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European edition, Friday, September 21, 2007

Some fans who saw the final score of last Saturday’s Heidelberg-Lakenheath football game — 48-6 — on the scoreboard probably scratched their heads when they saw the score listed as 45-6 in Sunday’s Stars and Stripes.

The discrepancy was the result of a DODDS-Europe policy that requires high school coaches in one-sided games to edit the final score before reporting it to Stars and Stripes. It is the responsibility of the home team coach to send scores and pertinent statistics to the newspaper.

“When a game is decided by a margin of more than 39 points, the coaches are required to remove enough points from the winning team’s total to reduce the final margin to no more than 39 points,” DODDS-Europe athletic director Karen Seadore said Tuesday night by telephone.

It’s a matter of empathy, she said.

“We’re teaching kids good sportsmanship and concern for others,” she said. “If a team loses 70-0 and sees it in the paper, it’s sometimes difficult for young athletes to recover from that.”

Stars and Stripes learned about the policy Saturday when a coach sent an e-mail changing the final score he had given earlier, stating that he was not allowed to report more than a 39-point difference.

The newspaper does not condone the incorrect reporting of sporting events.

“We’ve just learned of this intentional reporting of false information to the news media, and find it very disturbing,” said Doug Clawson, Stars and Stripes managing editor. “We are reviewing what actions we need to take to ensure this newspaper provides our readers with true and accurate information.”

DODDS-Europe has always tried to mitigate mismatches. It is not unusual in the highly mobile European theater for some high school programs to go from talent-rich to nothing at all with the cutting of a few sets of orders by higher headquarters. Few players spend more than three years in the system, making it hard to develop consistency. Teams can be good one season, and have nothing the next.

DODDS is in line with many stateside schools in having a “mercy rule,” called a “courtesy rule” here.

According to a 2006 article in the Washington Post, the National Federation of State High School Associations reported more than half of the states use some form of the mercy rule in football. The federation implemented it in 1989 and added the running-clock component in 1993.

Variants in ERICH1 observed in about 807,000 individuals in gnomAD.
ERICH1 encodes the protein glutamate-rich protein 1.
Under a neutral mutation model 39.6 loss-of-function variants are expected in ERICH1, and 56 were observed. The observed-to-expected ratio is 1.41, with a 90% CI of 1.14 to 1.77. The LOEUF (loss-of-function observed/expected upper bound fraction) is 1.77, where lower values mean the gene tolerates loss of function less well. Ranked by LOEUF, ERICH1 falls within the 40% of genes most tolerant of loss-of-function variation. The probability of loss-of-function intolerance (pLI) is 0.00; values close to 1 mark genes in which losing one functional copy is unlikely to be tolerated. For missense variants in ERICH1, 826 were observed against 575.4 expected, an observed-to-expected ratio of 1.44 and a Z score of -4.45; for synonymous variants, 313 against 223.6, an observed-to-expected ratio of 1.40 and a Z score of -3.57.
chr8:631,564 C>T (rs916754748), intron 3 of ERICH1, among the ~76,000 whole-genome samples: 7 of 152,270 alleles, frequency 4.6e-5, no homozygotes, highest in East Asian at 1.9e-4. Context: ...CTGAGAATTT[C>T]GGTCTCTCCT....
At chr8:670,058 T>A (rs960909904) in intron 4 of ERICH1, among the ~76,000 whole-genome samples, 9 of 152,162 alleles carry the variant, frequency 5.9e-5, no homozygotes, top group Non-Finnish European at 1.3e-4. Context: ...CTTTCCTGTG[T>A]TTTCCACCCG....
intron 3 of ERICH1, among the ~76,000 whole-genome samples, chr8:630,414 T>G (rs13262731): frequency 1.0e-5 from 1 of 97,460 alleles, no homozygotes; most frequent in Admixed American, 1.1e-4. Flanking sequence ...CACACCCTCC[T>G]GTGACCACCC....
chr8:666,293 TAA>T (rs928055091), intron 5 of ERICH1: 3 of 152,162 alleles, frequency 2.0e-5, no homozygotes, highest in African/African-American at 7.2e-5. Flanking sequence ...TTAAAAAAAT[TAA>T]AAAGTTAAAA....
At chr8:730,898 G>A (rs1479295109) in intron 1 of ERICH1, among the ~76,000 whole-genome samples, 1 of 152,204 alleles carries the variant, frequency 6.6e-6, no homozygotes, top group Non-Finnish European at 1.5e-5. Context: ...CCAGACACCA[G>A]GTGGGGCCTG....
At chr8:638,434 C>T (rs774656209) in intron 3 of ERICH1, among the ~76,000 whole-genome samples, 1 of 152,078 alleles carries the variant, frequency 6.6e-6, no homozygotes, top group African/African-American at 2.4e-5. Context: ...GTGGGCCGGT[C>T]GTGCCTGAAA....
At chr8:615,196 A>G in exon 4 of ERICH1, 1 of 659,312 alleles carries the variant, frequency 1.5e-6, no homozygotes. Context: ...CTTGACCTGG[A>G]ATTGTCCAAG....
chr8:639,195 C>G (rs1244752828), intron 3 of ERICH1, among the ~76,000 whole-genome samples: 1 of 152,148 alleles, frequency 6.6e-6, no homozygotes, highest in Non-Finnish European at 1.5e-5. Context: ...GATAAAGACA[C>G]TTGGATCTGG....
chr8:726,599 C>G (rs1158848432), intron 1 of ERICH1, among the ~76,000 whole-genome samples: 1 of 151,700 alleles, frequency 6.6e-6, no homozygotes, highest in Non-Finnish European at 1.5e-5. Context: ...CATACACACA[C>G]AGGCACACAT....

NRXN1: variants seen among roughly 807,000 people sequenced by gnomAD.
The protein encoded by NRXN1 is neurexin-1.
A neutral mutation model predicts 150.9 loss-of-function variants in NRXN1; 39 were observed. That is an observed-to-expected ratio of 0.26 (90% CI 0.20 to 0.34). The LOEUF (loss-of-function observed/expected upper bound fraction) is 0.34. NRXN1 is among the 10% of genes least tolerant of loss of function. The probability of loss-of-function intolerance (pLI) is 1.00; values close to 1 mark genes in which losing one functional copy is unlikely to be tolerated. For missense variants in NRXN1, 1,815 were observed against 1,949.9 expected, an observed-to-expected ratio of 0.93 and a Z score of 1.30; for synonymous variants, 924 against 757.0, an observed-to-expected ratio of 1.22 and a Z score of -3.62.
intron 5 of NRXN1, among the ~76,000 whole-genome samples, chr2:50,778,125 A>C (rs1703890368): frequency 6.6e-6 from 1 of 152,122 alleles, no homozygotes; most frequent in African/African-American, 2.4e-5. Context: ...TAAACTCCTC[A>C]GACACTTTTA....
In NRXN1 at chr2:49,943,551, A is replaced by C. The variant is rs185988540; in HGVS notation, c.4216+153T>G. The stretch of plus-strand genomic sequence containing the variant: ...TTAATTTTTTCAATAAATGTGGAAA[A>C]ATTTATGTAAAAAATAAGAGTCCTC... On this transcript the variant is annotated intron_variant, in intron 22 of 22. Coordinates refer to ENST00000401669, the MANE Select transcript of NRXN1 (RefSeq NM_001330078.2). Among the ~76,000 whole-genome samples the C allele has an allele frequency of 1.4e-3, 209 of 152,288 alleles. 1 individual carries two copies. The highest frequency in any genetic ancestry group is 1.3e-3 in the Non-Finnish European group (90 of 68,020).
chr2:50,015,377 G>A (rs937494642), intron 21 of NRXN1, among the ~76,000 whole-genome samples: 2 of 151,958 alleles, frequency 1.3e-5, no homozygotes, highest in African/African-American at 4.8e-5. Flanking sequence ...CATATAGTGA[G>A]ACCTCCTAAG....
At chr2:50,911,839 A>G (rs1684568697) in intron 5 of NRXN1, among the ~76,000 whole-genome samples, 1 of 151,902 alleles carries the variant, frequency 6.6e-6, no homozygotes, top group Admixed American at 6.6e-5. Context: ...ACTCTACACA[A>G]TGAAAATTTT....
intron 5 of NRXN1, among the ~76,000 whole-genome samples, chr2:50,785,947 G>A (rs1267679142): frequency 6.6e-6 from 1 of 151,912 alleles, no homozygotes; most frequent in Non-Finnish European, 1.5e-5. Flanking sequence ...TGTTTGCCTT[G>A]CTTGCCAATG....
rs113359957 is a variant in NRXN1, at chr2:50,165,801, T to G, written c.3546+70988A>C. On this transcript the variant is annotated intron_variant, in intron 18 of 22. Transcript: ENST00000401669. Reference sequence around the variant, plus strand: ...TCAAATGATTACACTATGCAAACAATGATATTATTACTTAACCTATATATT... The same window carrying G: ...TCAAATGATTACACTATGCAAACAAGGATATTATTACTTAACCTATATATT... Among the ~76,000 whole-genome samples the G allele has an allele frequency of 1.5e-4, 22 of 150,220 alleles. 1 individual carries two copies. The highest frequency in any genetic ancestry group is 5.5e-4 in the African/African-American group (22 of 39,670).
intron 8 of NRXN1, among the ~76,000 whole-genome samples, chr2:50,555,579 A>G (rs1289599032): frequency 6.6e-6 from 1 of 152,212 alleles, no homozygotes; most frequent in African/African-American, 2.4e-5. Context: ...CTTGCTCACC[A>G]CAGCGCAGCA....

In the past in Europe, scorekeeping ended when the margin of victory exceeded 40 points.

“When we had the 40-point rule, a lot of coaches quit playing at that point,” Seadore said, “even though they might have traveled over the Alps or across the English Channel. The running clock keeps both teams interested.”

She added that coaches still have the option of ending the game for safety reasons.

But it’s to prevent injured feelings that the 39-point reporting rule was adopted, two of Europe’s most successful coaches said.

“I stand completely behind the 39-point rule,” said Naples coach Jim Hall, who took over a moribund program in the late 1990s and turned it into a perennial power. “I don’t want to see any kid get embarrassed. If a kid loses 76-0 and has to go to school Monday after everyone’s read about it, he can easily be embarrassed.

“I tell our team that whatever the score, we have to respect the people lined up across from us, just because they’re there.”

Hall’s assessment of peer criticism has professional backing. In its article, the Post quoted sports psychologist Debbie Wilson saying that sometimes the worst part of a lopsided defeat is not the game itself, viewing the game film or the tough practices the next week, but rather “It’s facing your needling classmates.”

Ansbach coach Marcus George, whose teams have lost just two games in the last five seasons, cited the population turbulence of DODDS schools as an important reason for the 39-point rule.

“In the States, where you have continuity of programs, you can hold programs accountable,” he said. “But over here, where you have a constant turnover of players and coaches, programs can fall apart ... Teams can lose 70-0. It’s embarrassing to put that in the paper.

“The rule is all about teaching respect for the other team.”

Perhaps, but players who talked to Stars and Stripes for this story mostly rejected the misrepresentations the 39-point reporting rule entails.

“It’s not right,” Kaiserslautern junior wide receiver Ishmael Hampton said Wednesday. “They should post the true score.”

Hampton’s teammate, Jordan Dodgen, a senior center, was just as forceful.

“I’d rather have people know we got killed, than make up a score,” he said.

Dallas Cagle, a senior tackle at Naples, said he disagreed with the part of the mercy rule that required under-reporting the final score.

“No one wants to see a team get crushed, but it’s more important for the score to accurately reflect the game.”

Two Lakenheath players said their psyches weren’t particularly damaged by coming up 42 points short, or 39, Saturday.

“The true score of the game should be in the paper,” Tyler Parminter, a junior offensive tackle, said Tuesday. “It doesn’t make us feel any better.”

Students need to deal with the realities of losing, no matter the score, added senior Chuck Pope, a running back.

“We know the score, because we were there,” he said. “Kids need to deal with it. They need to man up.”

Reporters Ben Bloker, Geoff Ziezulewicz and Lisa Novak contributed to this story.

Pacific has no plans to adopt reporting rule


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